Race day routines and preparation
Get your preparation right for your cycle race
Race day is finally here. You’ve trained well and got the condition you’d strived for. With all that effort and commitment don’t let things slip on the day. Here’s how to best prepare on the final run in to lining up on the grid.
Matt is a former British Road Race champion who represented GB in the Olympics, World Championships and Commonwealth Games. He is now a regular commentator for EuroSport and a presenter on Global Cycling Network
The night before
Save yourself 15 to 20 minutes on the morning of your event by being organised the night before, time that can be better spent resting in bed rather than rushing around in a panic.
So, get your kit bag packed with all you’ll need for race day. Make sure your bike is washed and prepped with toolbox and spares all close to hand. Lay out all you’ll need for breakfast the night before as well as making up your race drinks too. Then, once awake you’ll have a relatively hassle free morning leaving yourself to fully focus on the job at hand.
A good idea is to make a checklist of all the things you need to take and then keep it in your kit bag for every race. Here’s list of some essentials as a guide. Always be prepared for the worst weather and don’t get caught out!
- Licence (if required). In some countries you won’t be able to race without one.
- Helmet. Again, you generally can’t race without one!
- Racing shoes. Obvious one really..
- Track mitts
- Arm warmers
- Race glasses
- Bag for dirty washing
- Wash kit
- Safety pins (For your race number)
- Bidons & energy product (pre filled to save time)
- Race Food such as gels, bars etc. However, don’t try any new energy products or foods on the day of a race. Stick with what your body knows and is familiar with.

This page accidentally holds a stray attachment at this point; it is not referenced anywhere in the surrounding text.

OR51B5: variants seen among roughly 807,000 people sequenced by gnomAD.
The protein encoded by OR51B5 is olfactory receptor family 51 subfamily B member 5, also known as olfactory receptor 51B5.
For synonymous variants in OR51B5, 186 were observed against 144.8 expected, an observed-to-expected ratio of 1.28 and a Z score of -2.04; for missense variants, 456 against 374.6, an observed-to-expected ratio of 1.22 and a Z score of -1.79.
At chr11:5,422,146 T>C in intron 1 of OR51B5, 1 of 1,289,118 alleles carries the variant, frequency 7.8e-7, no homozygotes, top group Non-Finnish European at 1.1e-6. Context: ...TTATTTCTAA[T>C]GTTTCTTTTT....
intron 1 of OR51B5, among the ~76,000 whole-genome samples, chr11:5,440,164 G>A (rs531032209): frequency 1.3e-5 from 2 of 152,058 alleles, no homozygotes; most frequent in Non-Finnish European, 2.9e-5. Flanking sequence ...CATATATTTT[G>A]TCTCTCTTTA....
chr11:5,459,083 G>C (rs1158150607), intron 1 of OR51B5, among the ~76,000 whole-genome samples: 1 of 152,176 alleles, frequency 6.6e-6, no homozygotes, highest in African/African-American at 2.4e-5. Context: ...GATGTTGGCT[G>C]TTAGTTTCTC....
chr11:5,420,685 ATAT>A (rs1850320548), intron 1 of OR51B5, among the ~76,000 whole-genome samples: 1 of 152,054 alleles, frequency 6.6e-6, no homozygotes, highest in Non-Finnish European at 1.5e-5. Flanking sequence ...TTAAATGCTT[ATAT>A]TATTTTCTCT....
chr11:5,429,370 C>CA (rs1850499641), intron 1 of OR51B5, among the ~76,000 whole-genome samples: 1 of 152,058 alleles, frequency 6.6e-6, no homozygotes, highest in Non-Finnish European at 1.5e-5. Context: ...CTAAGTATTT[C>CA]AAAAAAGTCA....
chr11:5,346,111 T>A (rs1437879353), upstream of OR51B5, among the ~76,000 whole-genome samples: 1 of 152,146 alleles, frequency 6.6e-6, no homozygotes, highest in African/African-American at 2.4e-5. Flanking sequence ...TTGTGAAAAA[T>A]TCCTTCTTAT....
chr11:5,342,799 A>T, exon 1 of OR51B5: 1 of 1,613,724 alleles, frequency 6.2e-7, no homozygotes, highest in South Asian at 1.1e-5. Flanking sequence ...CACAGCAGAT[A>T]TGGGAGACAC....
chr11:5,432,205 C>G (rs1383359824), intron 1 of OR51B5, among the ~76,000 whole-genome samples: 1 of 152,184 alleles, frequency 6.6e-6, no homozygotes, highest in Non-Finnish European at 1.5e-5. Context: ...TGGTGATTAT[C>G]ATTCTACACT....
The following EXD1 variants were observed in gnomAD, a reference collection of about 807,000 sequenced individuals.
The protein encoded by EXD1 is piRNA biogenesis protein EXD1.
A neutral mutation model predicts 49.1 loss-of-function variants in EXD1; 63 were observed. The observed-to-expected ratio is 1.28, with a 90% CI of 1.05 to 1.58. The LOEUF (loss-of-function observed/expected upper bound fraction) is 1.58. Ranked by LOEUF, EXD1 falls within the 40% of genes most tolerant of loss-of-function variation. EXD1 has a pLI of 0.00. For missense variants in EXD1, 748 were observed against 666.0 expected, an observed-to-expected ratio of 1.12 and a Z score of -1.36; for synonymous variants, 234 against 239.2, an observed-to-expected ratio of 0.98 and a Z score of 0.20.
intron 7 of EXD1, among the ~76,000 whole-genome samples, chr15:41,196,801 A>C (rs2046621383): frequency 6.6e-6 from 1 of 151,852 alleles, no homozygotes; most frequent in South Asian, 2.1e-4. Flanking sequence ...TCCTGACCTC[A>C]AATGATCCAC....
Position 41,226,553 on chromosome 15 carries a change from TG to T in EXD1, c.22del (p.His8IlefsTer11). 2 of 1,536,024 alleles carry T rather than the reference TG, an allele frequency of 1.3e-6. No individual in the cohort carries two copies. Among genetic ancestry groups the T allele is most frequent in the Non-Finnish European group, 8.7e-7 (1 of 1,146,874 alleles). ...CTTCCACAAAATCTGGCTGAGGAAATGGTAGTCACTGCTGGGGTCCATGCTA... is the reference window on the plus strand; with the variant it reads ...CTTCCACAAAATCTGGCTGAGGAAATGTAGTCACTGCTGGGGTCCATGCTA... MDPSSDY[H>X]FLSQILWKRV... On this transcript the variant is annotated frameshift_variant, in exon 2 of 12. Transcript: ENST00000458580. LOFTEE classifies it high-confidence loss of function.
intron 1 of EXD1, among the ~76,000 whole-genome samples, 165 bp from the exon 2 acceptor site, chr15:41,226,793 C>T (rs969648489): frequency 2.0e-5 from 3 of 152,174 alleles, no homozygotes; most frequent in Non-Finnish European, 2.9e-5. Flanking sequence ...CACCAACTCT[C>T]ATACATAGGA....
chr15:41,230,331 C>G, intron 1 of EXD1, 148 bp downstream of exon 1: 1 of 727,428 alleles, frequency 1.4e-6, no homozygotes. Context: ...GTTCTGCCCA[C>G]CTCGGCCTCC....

- Post race food/drink. Recovery products, sandwiches etc. Most races will have refreshments on sale post event but don’t risk being without food when you need it the most!
- Track Pump
- Spare Wheels
- Tool Box
- Toilet roll Don’t be the one caught out. It’s happened to me a few times and I wouldn’t want you to suffer the same fate. So, in your kit bag always carry a spare toilet roll!! In fact, never unpack your loo roll.
In the morning
Ensure you have a solid breakfast that includes complex carbohydrates and not too many sugars. Eat what you are familiar with and what you know has served you well in the past. I would have a bowl of porridge or muesli with dried fruit and honey followed by granary toast with Jam or honey and a coffee or tea plus a fruit juice. As a strict rule make sure you leave around 3 hours from breakfast to the start of the race to allow time for digestion.
There’s no harm having a drink and energy bar/cake around 45 minutes to an hour before the start of a longer road race but keep whatever you eat at this point light.
At the race
Always look to arrive around an hour and a half before the race to give you plenty of time to prepare stress free. Depending on how far you have to travel this should also allow a buffer for any potential traffic delays.
Upon arrival set your bike up first, just in case there is anything unforeseen that needs to be sorted. Don’t leave your bike prep until the last minute. Pump up tyres, check gears are running smoothly and pop bidons into the bottle cages.
Then get signed in and pin your numbers on. A ritual that can be carried out sipping on a cup of coffee as you run through race scenarios in your mind…
The warm up is absolutely essential, for many reasons. They are especially important in shorter events like time trials or criteriums, but even in a longer road race it’s vital you get the blood flowing and muscles warm.
It’s not always necessary to bring a turbo or rollers to the start of a race although some people do. What is crucial is that you actually ride your bike for around 10 minutes continuously about 10-15 minutes before your start time. This will encourage blood flow to your muscles and to get your breathing and heart rate up. The intensity of warm up will depend on the type of event and weather conditions although a general gauge is to ride to the point you are aware of increased heart rate and breathing and the general feeling of warmth.
Depending on the weather, especially in the cold, it’s important to try and maintain body temperature from the end of your warm up to the start of the race. So, keep on an extra gilet, cape and/or leg warmers until it’s time to go. That way you’ll be at your optimum and your warm up won’t be wasted!
Ok, that’s it.. the flag has dropped! Off you go!